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Gender Equity and Eye Health

We aim to help eye health colleagues globally to plan and deliver eye health programmes that are gender sensitive, gender responsive and/or gender transformative.

Video Transcript

Select the following items to read more about the issues with gender equity in eye health.

In many countries, women do not get the same access to eye health services and assistive products as men.

All those who need eye care, can and should receive it. Of the 1.1 billion people with vision loss, 55% are women and most live in low and middle-income countries.

In industrialised countries, the reason more women have vision loss is largely because women live longer than men. However, in low and middle-income countries, where cataract and unaddressed refractive error are responsible for most blindness and vision impairment, it is often because women do not get to access services and assistive products with the same frequency as men.

Vision impairment and blindness have far-reaching implications, not just for the women affected, but also for their families and communities. For example, in some parts of the world, if girls are blind or have low vision, it is almost impossible for them to access education.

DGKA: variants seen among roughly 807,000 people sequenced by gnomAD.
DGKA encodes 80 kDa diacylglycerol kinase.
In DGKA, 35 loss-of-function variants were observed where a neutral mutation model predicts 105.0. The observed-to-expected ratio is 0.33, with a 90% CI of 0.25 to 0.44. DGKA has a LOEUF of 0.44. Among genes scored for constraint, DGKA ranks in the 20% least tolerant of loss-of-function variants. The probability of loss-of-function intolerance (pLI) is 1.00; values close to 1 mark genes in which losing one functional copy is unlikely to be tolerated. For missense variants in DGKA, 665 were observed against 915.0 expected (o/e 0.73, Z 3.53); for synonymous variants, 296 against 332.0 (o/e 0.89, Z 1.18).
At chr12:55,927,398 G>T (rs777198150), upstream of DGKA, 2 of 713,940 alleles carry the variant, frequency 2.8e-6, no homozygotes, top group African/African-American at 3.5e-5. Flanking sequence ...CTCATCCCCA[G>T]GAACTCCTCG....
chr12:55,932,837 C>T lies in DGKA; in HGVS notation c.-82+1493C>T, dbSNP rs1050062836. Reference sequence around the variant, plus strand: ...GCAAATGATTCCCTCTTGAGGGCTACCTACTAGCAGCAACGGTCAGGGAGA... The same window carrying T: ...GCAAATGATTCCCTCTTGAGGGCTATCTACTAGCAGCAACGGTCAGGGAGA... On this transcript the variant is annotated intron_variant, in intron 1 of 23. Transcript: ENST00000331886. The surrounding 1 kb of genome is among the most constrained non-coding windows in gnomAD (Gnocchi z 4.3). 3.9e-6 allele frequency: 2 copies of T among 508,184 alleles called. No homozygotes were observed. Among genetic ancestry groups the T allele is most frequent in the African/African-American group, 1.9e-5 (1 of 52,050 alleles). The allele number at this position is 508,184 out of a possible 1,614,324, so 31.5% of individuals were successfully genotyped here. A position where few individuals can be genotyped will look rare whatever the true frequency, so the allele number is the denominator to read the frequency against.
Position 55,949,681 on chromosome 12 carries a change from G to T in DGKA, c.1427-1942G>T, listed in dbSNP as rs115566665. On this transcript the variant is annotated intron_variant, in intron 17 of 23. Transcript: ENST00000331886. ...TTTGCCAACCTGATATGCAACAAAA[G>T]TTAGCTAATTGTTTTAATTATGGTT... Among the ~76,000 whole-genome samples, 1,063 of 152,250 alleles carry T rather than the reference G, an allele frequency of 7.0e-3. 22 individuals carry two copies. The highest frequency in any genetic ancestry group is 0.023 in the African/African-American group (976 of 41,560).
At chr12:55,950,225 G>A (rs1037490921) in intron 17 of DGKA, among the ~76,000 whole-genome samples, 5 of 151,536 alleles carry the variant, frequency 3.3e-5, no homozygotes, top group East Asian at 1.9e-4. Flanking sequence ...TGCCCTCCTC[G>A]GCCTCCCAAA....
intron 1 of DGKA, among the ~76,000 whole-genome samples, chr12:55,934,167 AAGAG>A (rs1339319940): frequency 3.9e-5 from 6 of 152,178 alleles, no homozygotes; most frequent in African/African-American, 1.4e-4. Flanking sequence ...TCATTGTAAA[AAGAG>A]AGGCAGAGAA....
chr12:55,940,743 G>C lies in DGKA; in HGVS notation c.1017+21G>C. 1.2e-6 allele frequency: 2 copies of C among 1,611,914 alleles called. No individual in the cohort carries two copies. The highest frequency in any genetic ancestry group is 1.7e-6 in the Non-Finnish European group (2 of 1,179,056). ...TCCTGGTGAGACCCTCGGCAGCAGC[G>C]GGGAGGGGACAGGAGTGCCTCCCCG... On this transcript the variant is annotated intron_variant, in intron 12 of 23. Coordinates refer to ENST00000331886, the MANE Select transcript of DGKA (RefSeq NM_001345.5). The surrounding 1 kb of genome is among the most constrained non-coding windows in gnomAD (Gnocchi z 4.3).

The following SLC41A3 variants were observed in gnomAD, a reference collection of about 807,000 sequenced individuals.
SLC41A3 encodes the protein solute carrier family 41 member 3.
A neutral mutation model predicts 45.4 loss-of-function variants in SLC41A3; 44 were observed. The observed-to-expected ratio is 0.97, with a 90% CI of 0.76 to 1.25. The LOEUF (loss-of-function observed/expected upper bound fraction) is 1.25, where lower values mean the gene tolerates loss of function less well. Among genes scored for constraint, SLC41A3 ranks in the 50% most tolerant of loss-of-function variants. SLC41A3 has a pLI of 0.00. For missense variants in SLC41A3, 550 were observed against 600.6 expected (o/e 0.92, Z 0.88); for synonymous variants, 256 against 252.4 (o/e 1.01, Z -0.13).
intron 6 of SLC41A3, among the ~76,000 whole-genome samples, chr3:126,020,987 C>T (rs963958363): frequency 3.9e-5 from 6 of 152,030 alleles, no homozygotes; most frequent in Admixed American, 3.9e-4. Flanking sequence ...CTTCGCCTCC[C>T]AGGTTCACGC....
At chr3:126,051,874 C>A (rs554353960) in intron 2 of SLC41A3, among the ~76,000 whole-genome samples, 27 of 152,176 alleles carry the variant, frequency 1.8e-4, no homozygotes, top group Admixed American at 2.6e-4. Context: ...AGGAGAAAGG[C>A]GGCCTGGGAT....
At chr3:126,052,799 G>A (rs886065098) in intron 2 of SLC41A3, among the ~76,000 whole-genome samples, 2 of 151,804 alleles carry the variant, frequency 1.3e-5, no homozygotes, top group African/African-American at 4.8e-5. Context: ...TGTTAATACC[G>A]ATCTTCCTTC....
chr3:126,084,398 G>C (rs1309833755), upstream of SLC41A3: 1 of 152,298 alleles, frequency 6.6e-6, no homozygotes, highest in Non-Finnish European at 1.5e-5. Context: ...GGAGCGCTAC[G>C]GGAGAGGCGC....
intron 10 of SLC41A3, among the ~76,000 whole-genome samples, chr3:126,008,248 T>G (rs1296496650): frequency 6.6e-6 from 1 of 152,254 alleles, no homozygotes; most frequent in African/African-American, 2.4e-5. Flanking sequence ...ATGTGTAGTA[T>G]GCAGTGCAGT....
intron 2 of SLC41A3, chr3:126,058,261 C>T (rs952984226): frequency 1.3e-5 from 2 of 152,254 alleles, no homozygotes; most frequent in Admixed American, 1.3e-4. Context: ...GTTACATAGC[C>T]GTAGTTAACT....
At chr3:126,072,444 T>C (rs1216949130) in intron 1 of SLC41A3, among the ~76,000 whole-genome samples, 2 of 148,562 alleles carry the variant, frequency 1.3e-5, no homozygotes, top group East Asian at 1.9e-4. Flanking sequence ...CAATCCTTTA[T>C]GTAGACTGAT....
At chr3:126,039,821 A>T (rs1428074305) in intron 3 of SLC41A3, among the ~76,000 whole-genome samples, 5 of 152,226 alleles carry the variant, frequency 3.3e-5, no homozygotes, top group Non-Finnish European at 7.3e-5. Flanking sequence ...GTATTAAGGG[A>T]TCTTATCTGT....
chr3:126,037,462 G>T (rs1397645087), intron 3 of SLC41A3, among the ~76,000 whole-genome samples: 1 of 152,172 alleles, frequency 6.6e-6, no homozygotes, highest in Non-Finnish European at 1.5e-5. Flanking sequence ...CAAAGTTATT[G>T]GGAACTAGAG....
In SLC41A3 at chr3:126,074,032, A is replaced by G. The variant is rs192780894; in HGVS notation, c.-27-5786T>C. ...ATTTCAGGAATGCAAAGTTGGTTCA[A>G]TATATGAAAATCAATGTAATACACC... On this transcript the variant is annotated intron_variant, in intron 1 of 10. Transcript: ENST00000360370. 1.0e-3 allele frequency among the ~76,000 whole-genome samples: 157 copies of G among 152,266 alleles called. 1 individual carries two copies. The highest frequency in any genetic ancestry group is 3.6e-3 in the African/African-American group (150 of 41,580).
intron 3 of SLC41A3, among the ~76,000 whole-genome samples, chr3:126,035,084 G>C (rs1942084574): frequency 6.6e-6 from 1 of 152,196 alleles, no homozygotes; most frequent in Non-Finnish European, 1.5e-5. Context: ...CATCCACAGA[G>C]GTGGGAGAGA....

As a sector, we need to strengthen our commitment to gender equity and inclusion as directors, managers, employers and colleagues.

This is crucial to ensure that services are provided accessibly to women and girls to address the gender gap that exists. The way we operate and behave also contributes to inclusion more broadly.

The global eye health sector has a unique opportunity to unite and speak with one voice, to strengthen gender equity in our organisations and programmes collectively.

Please explore the sections below – all links are provided pro-bono by eye health peer organisations.  For questions on how to use the Gender Equity Toolkit, please contact the Gender Equity Work Group Secretariat, Louisa Syrett.

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